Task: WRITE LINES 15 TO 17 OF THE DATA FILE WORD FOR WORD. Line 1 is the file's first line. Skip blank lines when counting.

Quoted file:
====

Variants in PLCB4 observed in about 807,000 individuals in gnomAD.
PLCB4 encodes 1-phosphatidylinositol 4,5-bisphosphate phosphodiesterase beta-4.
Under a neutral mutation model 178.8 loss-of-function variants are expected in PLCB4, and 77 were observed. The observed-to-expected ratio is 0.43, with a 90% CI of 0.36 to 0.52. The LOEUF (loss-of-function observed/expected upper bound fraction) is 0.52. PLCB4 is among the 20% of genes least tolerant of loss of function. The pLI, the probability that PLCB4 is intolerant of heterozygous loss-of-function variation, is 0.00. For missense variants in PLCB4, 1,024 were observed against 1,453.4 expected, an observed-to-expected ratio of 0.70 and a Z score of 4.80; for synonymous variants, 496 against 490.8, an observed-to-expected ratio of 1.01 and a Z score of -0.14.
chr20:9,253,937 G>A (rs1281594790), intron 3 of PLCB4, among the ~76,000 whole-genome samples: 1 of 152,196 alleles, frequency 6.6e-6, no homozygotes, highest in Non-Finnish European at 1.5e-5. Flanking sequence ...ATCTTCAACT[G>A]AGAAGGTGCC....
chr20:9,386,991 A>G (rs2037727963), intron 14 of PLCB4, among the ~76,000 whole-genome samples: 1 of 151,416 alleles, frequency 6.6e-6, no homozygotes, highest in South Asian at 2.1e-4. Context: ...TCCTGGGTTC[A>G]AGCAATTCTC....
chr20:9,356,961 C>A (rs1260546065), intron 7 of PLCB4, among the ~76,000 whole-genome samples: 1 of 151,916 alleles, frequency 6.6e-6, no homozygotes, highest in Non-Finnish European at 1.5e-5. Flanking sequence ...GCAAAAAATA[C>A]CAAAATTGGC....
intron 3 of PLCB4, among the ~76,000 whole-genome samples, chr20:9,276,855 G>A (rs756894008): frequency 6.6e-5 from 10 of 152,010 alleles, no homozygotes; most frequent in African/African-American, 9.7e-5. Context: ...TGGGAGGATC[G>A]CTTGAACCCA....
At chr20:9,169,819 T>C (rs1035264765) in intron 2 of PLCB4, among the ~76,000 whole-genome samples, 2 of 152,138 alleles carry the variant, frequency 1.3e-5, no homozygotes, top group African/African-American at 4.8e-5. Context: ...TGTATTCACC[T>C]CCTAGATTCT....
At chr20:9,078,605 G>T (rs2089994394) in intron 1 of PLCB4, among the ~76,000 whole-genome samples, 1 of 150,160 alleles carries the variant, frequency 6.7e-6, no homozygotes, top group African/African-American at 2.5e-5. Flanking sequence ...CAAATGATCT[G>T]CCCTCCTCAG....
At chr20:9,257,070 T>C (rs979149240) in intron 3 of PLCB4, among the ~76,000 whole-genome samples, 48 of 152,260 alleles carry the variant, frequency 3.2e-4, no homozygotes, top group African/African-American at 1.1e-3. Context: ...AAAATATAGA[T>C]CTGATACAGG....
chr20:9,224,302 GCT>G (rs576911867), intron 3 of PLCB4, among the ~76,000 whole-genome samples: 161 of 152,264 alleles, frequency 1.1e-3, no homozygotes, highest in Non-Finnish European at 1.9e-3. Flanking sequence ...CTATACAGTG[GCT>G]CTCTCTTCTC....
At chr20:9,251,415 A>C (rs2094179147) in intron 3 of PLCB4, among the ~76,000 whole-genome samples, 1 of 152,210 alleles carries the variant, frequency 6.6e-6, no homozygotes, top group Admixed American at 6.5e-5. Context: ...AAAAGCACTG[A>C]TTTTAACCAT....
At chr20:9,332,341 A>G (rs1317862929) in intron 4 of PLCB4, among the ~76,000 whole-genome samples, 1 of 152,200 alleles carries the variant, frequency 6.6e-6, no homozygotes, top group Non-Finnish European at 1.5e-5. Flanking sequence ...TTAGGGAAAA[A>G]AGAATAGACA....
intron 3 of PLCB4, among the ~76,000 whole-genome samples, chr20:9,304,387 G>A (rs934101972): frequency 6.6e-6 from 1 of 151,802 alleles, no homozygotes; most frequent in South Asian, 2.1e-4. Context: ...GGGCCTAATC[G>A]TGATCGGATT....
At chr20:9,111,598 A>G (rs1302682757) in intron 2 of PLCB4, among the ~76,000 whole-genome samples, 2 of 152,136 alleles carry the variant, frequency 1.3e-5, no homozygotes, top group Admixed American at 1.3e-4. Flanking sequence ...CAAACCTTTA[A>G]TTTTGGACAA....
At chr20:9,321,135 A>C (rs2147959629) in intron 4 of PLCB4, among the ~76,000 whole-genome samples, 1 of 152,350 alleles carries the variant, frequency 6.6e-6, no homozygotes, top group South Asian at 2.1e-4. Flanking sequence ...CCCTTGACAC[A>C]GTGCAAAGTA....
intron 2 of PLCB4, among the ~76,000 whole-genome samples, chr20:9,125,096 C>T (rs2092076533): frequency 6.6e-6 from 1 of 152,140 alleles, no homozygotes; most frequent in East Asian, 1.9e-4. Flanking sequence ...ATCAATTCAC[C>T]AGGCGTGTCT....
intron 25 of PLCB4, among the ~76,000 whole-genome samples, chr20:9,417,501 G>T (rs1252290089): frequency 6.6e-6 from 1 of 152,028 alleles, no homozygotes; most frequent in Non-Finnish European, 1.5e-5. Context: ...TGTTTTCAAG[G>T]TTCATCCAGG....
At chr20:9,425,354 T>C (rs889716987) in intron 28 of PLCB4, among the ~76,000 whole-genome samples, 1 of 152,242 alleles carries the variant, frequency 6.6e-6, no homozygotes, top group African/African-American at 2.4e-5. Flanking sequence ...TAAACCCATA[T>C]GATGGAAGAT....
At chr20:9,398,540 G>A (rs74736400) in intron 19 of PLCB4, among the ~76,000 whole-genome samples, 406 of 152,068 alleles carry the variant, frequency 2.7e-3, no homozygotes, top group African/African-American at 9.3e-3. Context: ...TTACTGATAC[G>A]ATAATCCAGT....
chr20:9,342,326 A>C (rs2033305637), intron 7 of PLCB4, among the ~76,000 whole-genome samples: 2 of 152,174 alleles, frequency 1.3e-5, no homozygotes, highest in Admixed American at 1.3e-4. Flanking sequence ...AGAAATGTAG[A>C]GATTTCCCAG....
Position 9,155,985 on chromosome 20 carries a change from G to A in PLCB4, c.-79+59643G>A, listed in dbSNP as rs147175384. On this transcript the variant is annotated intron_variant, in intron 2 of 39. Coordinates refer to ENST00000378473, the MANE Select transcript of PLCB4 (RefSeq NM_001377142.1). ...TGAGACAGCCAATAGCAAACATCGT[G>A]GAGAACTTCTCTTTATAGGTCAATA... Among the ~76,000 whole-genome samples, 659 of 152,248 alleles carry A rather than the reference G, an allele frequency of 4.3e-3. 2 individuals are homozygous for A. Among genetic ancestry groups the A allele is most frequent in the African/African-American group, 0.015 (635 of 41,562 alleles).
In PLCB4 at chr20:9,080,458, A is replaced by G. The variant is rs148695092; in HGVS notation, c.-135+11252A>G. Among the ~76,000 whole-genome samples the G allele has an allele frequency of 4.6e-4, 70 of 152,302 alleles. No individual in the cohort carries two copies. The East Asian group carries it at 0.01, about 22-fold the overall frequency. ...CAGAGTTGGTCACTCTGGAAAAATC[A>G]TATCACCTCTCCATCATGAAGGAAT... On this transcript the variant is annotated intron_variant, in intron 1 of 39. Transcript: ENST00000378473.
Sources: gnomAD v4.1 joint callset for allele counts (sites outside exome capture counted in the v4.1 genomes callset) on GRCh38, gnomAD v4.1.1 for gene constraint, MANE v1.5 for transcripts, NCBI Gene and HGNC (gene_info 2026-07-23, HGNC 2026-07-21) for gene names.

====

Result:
At chr20:9,111,598 A>G (rs1302682757) in intron 2 of PLCB4, among the ~76,000 whole-genome samples, 2 of 152,136 alleles carry the variant, frequency 1.3e-5, no homozygotes, top group Admixed American at 1.3e-4. Flanking sequence ...CAAACCTTTA[A>G]TTTTGGACAA....
At chr20:9,321,135 A>C (rs2147959629) in intron 4 of PLCB4, among the ~76,000 whole-genome samples, 1 of 152,350 alleles carries the variant, frequency 6.6e-6, no homozygotes, top group South Asian at 2.1e-4. Flanking sequence ...CCCTTGACAC[A>C]GTGCAAAGTA....
intron 2 of PLCB4, among the ~76,000 whole-genome samples, chr20:9,125,096 C>T (rs2092076533): frequency 6.6e-6 from 1 of 152,140 alleles, no homozygotes; most frequent in East Asian, 1.9e-4. Flanking sequence ...ATCAATTCAC[C>T]AGGCGTGTCT....